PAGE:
New Microsoft Windows will enable Internet Explorer to be switched off

07 Mar 2009


Internet Explorer has been added to the list of Windows 7 components that users can remove from the OS, according to a Friday blog post from the Windows 7 team. In earlier versions of Windows, users could disable, but not actually unload the browser.

Internet Explorer 7On Thursday, Mike Nash, vice president of Windows product management, declined to comment on the bloggers' reports on this development. "It's unfortunate that builds leak out," Nash said. "But I can't comment on unreleased products." However, Friday brought an official acknowledgement of the rumour.

"'Turning Windows Features On or Off' has a long history in Windows, going back to the earliest days of the 32-bit code base," Jack Mayo, group programme manager for Microsoft's Documents and Printing team, wrote on the blog. "For Windows 7 we've engineered a more significant list of features and worked to balance that list in light of the needs of the broad Windows platform as well."

Mayo listed the applications that can be switched off. They include Internet Explorer 8, Fax and Scan, handwriting recognition, Windows DVD Maker, Windows Gadget Platform, Windows Media Player, Windows Media Center, Windows Search, and XPS Viewer and Services.

It's unclear how this will affect software and other Windows features that require access to Web content, like Web-enabled links in Microsoft Word or Windows Explorer search boxes.

"If a feature is deselected, it is not available for use," Mayo wrote. "This means the files (binaries and data) are not loaded by the operating system (for security-conscious customers) and not available to users on the computer."

It should be noted that the staging file for installation of Internet Explorer will remain on Windows 7 machines even with the feature deselected in the Windows Features dialog box. This is to prevent users from having to hunt for installation disks if they ever want to reinstall the browser. Writes Mayo: "This staging is important feedback we have received from customers who definitely do not like to dig up the installation DVD."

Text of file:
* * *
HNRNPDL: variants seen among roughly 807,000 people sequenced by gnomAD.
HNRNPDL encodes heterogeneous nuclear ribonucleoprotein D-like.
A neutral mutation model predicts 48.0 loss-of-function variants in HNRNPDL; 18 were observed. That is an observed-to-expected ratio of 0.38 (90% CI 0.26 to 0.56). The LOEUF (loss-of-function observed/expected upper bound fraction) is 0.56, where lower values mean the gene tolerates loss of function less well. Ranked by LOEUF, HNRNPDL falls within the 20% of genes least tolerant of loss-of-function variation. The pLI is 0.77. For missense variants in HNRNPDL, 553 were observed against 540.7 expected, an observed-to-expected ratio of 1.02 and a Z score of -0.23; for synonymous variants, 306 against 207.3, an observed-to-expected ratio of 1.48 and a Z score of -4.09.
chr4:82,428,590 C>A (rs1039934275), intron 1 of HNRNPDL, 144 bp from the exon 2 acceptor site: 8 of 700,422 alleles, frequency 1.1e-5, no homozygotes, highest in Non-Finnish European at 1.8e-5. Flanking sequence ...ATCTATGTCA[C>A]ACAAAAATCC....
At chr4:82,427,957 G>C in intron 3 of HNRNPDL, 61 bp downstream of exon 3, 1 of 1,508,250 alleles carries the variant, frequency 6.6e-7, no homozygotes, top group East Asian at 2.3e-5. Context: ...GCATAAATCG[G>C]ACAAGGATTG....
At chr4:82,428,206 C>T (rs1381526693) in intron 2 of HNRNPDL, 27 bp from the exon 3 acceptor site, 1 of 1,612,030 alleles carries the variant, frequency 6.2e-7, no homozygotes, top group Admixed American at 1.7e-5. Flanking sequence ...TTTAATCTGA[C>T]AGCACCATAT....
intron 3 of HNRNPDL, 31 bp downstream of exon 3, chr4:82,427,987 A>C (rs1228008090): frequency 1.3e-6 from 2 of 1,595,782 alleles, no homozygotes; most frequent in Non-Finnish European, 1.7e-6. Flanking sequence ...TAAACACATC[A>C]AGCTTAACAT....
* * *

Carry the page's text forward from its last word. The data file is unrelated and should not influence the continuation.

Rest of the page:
The blog post referred to the ongoing philosophical argument over what constitutes an OS feature versus a separate application, but pretty much keeps to the technical issues involved with allowing users to disable components and features of the Windows.

Certain features are expected to be available to third-party developers of Windows applications, so the developers are concerned about avoiding a compatibility fiasco like they experienced with Windows Vista.

The post does not mention legal issues related to the European Commission's inquiry about Microsoft's tying of IE to Windows. That suit was spurred on by browser competitors Firefox, which has passed 20 per cent of browser market share, and Opera, which still lags at less than 1 per cent. (See: Internet Explorer rival Firefox 3.0 creates download record, but reveals flaws)

In January, EU regulators claimed that Microsoft "shields" IE from competition by bundling it with Windows. The EU's Competition Commission said that among possible remedies, it might make the company cripple IE if the user installed a rival browser, such as Firefox or Google Inc.'s Chrome. (See: Microsoft again comes under EU anti-trust probe)

Other applications on the Windows 7 list have been the subject of previous antitrust actions or complaints. Windows Media Player, for example, was one focus of a concluded EU antitrust case. In addition, Microsoft gave in to Google Inc.'s demands, filed with the US Department of Justice in 2007, that it change Windows Vista's desktop search tool.

And in 2006, Adobe threatened to go to the DOJ over the "Save As PDF" command in the Microsoft Office 2007 suite; XPS (XML Paper Specification) is Microsoft's answer to Adobe's PDF format.

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